Written by Patty Decker Tuesday, 13 October 2009 13:24
A 43-year-old Hillsboro man was sentenced Tuesday in Marion County District Court to two life terms after being found guilty of rape and aggravated indecent liberties with a child.
Randy Herbel faces a mandatory minimum of 25 years on each count for raping the 5-year-old child he was baby-sitting Aug. 1-2, 2006, in Hillsboro, according to court documents. He was convicted July 15.
During sentencing, the court also noted some sexual predators can face even more time in a mental facility following prison, if convicted in civil court.
Under Kansas law, Eighth Judicial District Judge Michael Powers of Marion said the state can file a civil case to have someone declared a sexual predator.
“If that is done, a trial is held, and if the person is found to be a predator, they are held in a mental facility until they can comply with the provisions of the statute,” Powers said.
A sexual predator case is separate from a criminal case.
Powers said someone could go to prison on a criminal conviction, serve the sentence and then still not be released if the person has been found to be a sexual predator in the civil case.
In other words, the person would come out of prison and immediately be sent to the mental facility to deal with the predator finding.
The judge’s reference to the possibility of more time in a mental facility was related to a sexual predator case currently being filed.
In Herbel’s situation, no sexual-predator case has been filed against him.
The sentencing phase followed the two-day jury trial held mid-July when six men and six women found Herbel guilty on one count each of rape and aggravated indecent liberties.
Herbel’s sentencing fell within what’s known as Jessica’s Law. Kansas enacted Jessica’s Law July 1, 2006, one month before Herbel committed his crimes.
The law was named for Jessica Lunsford, who was raped and murdered in Florida. It is designed to punish sex offenders and reduce their ability to re-offend.
Herbel’s conviction and subsequent sentencing stems from the incidents reported three years ago by the 5-year-old herself.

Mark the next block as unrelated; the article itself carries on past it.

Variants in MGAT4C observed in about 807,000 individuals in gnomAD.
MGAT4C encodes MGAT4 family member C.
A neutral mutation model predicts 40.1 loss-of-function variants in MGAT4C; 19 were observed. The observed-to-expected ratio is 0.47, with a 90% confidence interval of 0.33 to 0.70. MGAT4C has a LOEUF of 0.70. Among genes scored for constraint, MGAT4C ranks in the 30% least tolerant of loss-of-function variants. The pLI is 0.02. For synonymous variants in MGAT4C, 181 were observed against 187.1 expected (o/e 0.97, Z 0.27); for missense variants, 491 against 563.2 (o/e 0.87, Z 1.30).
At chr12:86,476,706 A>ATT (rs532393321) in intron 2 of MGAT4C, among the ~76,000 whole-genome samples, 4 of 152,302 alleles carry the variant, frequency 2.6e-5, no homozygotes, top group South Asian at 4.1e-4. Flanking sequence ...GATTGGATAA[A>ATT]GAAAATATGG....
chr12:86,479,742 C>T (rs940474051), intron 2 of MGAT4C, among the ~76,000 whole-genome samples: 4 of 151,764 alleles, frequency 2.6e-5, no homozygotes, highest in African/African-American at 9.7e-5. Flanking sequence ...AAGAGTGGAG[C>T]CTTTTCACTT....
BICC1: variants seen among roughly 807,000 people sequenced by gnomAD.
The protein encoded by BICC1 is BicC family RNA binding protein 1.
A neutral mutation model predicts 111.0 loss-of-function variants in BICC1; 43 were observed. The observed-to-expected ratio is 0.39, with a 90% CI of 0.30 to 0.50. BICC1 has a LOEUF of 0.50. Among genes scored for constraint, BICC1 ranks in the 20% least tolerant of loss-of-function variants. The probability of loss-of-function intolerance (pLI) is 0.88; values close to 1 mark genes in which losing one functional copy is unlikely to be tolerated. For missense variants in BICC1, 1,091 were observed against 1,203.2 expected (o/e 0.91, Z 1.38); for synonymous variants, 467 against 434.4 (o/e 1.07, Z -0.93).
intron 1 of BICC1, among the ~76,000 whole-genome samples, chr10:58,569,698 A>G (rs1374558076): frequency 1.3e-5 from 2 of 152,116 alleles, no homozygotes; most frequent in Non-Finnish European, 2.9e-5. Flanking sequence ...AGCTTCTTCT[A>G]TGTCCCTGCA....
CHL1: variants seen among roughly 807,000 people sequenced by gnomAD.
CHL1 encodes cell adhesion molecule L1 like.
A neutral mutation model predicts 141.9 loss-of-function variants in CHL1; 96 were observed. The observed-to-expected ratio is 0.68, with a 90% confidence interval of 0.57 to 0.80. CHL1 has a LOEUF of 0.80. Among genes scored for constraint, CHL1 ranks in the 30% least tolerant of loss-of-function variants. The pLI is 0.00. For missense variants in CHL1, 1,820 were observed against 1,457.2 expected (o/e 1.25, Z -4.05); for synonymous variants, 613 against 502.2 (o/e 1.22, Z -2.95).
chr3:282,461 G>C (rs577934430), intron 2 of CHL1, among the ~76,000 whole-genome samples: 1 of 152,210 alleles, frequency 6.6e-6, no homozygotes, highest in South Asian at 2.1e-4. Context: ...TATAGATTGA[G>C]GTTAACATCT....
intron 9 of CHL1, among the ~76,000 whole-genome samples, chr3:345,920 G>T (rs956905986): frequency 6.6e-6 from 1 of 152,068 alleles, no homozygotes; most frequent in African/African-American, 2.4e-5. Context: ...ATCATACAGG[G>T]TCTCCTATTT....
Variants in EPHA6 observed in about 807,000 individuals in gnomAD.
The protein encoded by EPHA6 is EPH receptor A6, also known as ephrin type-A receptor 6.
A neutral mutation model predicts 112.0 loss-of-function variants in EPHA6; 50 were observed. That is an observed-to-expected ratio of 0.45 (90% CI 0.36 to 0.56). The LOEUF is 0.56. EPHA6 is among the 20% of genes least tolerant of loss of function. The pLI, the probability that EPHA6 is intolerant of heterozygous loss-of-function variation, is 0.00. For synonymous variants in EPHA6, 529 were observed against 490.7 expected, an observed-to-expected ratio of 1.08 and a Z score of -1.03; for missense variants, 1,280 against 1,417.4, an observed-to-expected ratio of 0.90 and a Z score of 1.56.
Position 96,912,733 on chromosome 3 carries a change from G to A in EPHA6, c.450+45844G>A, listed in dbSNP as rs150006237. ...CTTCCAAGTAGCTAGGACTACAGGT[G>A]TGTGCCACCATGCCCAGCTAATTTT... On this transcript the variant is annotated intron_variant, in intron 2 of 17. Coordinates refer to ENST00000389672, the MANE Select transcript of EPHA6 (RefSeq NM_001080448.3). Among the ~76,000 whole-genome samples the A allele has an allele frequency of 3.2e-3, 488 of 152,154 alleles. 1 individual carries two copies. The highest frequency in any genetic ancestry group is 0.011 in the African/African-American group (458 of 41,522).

“Jessica’s Law made both rape and aggravated indecent liberties with a child ‘off-grid person felonies,’” said Ashley Anstaett, director of communications in the Kansas Attorney General’s office in Topeka.
“Prior to Jessica’s Law,” she said, “rape would have been a Level 1 felony and aggravated indecent liberties with a child was a Level 3 felony. The sentences available are tougher than they were prior to Jessica’s Law.”
The right to a speedy trial is guaranteed by the Sixth Amendment. It is intended to ensure defendants are not subjected to unreasonably lengthy incarceration prior to a fair trial. But what happens when, for whatever reason, the defendant slows the processs?
After his arrest in September 2006, Herbel spent about 700 days in the Marion County jail, according to Marion County Sheriff Rob Craft. In April 2007, Herbel posted bond, but in March 2008, it was revoked.
Craft said it would be difficult to calculate the cost of his incarceration. But based on 700 days, he estimated Marion County taxpayers conservatively paid $10,000 for his housing, meals, laundry and other incidentals.
According to Anstaett, Herbel also had six public defenders during the process. Reasons for their dismissal varied, Anstaett said, but taxpayers paid about $11,000 for his defense.
Patricia Scalia, director of the Kansas State Board of Indigent Defense Services, broke down Herbel’s defense costs based on three separate cases within a three-year time frame.
Anstaett was unable to calculate by deadline the cost to the state for prosecuting Herbel.
The first jury trial was scheduled to begin in September 2007, then delayed to December 2007. It continued to be delayed for various reasons after that.
After Herbel’s bond was revoked in March 2007, court documents indicated medical concerns, both physical and mental. Herbel was sent to Larned State Hospital for a competency evaluation and medical opinions. He also suffered from physical ailments and, following surgery in Wichita, his physician would not allow him to climb stairs, Craft said.
Without an elevator at the county jail, Craft said Herbel was transported to the facility in El Dorado, where he stayed for about 30 days at a cost of about $1,200.
Expenses included transportation to and from Marion, plus the cost of the deputies who accompanied him.
Craft did say that physical ailments were paid by Herbel’s private insurance.
A typical jail sentence will vary depending on the severity of the crime. Craft said an average stay for adult inmates is about 10 days.
“This would be for people with warrants, DUIs or minor offenses,” he said.
At the Marion County Jail, the average length of stay is skewed, he said, by the current inmate population.
“We have two people in for a 14-month sentence,” he said.
Craft added he also has one prisoner in jail for 17 months, a couple for six months and then the two convicted sex offenders—one awaiting sentencing and Herbel waiting for a place in the state prison system.
After last week’s sentencing, Hillsboro Police Chief Dan Kinning, who was involved with the case from the beginning, said he was glad it’s over.
“I just hope the conviction brings some closure for everyone,” he said.